Emory MiniMedical School is back for the third year, with classes beginning Sept. 24 and running for eight consecutive Tuesday evenings. Close to 1,000 Atlantans from all walks of life, including many Emory employees, have "graduated" from what Evening at Emory Director Steve Stoffle calls "hands down the most popular course we've ever offered."
Once again, more than a dozen of the medical school's best known faculty will discuss the functions and diseases of various organs and systems, offering case presentations and ending with a question and answer period. Course Director Randy Martin, associate director of The Emory Clinic and head of the Health Communication Project at Emory, says students don't need a science or medical background, only a desire to learn more about the wonders of the human body, how it works, what can go wrong with it, and how physicians are trained to prevent and treat illnesses.
Employees receive a 20 percent discount, making their cost $60. This fee also covers a shuttle from Michael Street parking deck, light refreshments, a notebook and handouts, diploma and T-shirt. Graduates also receive alumni privileges. Last year's graduates received free enrollment in a four-week course on medicine and technology. Employees can register by calling 727-6000.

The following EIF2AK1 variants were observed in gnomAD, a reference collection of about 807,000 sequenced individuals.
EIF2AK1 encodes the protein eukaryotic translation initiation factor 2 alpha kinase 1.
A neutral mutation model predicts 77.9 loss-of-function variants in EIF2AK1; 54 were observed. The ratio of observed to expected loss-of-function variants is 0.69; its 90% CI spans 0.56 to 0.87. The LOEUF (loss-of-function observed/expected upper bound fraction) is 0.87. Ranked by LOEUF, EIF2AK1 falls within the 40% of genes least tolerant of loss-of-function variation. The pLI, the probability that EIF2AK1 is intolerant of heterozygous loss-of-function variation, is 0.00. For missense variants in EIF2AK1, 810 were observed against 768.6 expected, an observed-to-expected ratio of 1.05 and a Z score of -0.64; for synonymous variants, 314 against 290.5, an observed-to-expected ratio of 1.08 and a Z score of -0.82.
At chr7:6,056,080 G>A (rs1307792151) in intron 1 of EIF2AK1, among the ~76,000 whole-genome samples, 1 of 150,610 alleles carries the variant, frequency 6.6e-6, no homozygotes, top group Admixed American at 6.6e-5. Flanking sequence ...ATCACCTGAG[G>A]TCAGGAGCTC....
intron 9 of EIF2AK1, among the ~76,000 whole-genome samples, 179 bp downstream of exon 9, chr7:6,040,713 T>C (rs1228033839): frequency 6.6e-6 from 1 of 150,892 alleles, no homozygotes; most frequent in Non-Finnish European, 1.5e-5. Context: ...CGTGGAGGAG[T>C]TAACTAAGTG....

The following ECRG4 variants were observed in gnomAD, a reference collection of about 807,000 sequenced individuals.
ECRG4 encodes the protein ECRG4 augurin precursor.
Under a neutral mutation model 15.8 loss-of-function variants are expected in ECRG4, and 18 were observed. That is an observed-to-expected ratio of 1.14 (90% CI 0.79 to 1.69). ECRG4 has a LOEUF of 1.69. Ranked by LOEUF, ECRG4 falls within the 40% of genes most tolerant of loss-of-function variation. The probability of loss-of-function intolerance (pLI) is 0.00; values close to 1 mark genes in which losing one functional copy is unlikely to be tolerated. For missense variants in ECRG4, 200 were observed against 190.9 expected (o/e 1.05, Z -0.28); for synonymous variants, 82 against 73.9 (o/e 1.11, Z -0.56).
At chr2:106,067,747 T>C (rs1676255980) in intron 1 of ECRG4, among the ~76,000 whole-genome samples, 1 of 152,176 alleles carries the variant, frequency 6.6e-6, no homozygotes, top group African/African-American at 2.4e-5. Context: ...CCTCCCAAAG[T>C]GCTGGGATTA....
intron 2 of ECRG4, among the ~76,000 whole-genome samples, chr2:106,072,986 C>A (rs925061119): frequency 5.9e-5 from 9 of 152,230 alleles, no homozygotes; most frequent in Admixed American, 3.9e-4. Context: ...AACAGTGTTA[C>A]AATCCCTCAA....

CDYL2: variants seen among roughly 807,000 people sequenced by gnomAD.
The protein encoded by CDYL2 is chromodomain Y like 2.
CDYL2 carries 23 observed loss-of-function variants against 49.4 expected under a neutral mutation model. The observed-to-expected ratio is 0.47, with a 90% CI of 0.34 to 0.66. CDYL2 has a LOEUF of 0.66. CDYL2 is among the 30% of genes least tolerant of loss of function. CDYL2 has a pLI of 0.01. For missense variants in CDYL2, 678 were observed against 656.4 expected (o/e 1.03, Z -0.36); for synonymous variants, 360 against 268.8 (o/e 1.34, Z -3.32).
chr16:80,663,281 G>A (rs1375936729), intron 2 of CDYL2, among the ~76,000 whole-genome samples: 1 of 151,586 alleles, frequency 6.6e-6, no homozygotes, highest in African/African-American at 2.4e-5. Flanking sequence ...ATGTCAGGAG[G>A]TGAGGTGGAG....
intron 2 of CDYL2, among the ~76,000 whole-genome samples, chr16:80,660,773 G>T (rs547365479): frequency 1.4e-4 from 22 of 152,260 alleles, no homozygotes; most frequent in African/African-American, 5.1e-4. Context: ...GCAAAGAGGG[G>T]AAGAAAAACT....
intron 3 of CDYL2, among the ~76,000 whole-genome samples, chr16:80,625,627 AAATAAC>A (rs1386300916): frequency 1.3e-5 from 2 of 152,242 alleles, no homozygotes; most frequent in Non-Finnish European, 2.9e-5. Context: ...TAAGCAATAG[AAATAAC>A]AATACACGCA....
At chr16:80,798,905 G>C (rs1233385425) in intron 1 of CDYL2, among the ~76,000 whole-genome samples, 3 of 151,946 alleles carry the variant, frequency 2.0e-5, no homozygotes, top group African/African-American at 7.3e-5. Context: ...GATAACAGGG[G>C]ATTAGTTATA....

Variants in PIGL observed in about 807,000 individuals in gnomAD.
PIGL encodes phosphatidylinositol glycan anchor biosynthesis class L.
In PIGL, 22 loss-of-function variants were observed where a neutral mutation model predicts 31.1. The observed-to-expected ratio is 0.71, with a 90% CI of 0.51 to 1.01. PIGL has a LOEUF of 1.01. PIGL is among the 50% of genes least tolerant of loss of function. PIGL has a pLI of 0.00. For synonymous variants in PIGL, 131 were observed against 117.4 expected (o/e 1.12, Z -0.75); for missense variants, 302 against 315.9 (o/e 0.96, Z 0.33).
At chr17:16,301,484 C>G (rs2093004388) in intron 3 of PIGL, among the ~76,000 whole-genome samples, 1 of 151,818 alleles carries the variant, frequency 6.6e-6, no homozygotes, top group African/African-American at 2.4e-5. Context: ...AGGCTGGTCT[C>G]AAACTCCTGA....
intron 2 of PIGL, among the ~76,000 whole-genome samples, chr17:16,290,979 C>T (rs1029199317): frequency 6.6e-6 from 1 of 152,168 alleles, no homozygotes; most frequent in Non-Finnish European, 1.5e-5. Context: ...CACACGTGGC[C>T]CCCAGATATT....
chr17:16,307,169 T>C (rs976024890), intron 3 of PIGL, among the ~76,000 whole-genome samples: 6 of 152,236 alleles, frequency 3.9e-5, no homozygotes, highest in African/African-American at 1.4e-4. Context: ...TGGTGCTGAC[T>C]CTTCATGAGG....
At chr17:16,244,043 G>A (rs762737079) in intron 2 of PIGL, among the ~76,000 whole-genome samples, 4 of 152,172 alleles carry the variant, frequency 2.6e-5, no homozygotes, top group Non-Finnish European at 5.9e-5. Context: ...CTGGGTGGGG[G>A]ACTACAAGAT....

Students will learn about genetics, the brain and nervous system, the mind, the cardiovascular system, endocrine system, gastrointestinal system, genitourinary system, cancer, eyes, skin, bones, and other mainstays of medical education. The last night, Nov. 12, concludes with a lecture on infectious diseases and awarding of diplomas and Emory Mini-Medical School T-shirts.
Stoffle believes the course's appeal is "because ultimately it is about the person who takes it; the medical issues apply directly. It also touches on the dream of many people--the what if--about actually going to medical school. The high level at which the course is taught and the easy interaction between the faculty and students honor that dream. It's a tribute both to the quality of the medical faculty and the sophistication of the Evening at Emory audience."
The course is sponsored by the School of Medicine and The Emory Clinic. "The course is part of Emory's growing move toward becoming a health information resource for the general community as well as health professionals," said Martin. "We're pleased that some of our leading faculty, many with international reputations, are willing to take their own time to share their expertise through this community program."